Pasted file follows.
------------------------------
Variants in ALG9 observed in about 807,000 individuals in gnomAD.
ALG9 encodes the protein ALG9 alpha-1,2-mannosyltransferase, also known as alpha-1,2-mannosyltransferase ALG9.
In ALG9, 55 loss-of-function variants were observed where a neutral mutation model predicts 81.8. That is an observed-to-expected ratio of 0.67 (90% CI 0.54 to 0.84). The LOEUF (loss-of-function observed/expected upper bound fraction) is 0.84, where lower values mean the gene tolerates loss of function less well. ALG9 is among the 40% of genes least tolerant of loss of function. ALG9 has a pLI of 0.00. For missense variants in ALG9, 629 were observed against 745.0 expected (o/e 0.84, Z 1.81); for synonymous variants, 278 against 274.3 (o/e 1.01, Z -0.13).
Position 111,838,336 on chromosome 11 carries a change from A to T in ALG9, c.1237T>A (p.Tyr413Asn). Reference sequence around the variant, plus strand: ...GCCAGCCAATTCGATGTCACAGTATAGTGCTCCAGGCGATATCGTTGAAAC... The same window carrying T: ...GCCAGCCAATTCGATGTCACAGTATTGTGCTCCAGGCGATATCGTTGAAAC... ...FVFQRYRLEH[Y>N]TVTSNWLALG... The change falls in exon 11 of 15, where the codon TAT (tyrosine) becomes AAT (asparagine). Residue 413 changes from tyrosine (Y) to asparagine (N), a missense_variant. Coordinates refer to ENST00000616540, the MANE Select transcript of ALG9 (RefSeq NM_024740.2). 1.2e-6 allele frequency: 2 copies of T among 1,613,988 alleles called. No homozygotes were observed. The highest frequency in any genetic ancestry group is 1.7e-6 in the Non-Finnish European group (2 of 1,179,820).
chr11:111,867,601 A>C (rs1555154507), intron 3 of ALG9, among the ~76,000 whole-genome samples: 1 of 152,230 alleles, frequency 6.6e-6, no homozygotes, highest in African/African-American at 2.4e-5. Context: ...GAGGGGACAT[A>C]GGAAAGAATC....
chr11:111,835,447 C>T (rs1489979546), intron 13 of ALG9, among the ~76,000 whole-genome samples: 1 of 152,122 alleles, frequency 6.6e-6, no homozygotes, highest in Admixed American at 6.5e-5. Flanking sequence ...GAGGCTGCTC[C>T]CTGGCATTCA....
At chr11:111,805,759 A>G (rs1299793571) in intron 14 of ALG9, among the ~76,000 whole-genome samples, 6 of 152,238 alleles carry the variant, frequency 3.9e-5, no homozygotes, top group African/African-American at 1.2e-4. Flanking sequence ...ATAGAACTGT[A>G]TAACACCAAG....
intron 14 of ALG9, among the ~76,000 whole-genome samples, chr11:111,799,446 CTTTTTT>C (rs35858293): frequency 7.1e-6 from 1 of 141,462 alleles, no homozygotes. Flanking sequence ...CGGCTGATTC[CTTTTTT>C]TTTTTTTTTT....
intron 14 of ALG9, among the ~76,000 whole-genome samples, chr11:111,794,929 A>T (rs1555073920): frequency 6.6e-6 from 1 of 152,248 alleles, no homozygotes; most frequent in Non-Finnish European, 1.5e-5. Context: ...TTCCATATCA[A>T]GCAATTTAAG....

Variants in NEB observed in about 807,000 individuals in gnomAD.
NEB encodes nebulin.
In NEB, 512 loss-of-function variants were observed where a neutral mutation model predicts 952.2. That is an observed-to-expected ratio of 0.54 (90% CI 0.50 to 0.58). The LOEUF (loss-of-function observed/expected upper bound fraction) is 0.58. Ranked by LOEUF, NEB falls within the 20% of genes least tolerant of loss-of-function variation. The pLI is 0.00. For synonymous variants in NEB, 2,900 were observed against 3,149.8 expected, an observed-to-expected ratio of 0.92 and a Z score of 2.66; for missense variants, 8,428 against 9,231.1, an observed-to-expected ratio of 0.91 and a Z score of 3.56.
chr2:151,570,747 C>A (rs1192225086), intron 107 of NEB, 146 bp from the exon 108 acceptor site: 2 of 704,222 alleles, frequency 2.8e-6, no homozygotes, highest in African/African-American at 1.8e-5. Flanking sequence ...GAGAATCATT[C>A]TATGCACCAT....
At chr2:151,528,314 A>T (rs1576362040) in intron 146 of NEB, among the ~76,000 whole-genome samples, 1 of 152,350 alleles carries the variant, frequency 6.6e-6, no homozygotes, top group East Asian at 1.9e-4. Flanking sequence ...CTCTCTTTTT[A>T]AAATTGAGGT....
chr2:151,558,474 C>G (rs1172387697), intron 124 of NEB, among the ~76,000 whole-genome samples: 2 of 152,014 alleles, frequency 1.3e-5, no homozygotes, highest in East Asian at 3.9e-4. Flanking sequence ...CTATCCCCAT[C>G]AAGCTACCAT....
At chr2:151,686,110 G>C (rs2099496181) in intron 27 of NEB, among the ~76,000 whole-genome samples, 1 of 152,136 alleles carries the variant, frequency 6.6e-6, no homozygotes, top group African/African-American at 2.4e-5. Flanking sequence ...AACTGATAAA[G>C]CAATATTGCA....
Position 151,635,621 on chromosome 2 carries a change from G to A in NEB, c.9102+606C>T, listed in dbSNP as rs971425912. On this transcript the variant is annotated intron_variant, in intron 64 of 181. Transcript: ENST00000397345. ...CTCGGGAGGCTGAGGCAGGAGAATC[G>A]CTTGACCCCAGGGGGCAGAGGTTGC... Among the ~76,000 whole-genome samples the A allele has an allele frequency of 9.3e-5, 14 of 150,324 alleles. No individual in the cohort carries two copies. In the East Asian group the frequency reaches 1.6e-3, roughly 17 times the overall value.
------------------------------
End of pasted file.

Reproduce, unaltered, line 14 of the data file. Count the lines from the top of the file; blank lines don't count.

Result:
At chr2:151,528,314 A>T (rs1576362040) in intron 146 of NEB, among the ~76,000 whole-genome samples, 1 of 152,350 alleles carries the variant, frequency 6.6e-6, no homozygotes, top group East Asian at 1.9e-4. Flanking sequence ...CTCTCTTTTT[A>T]AAATTGAGGT....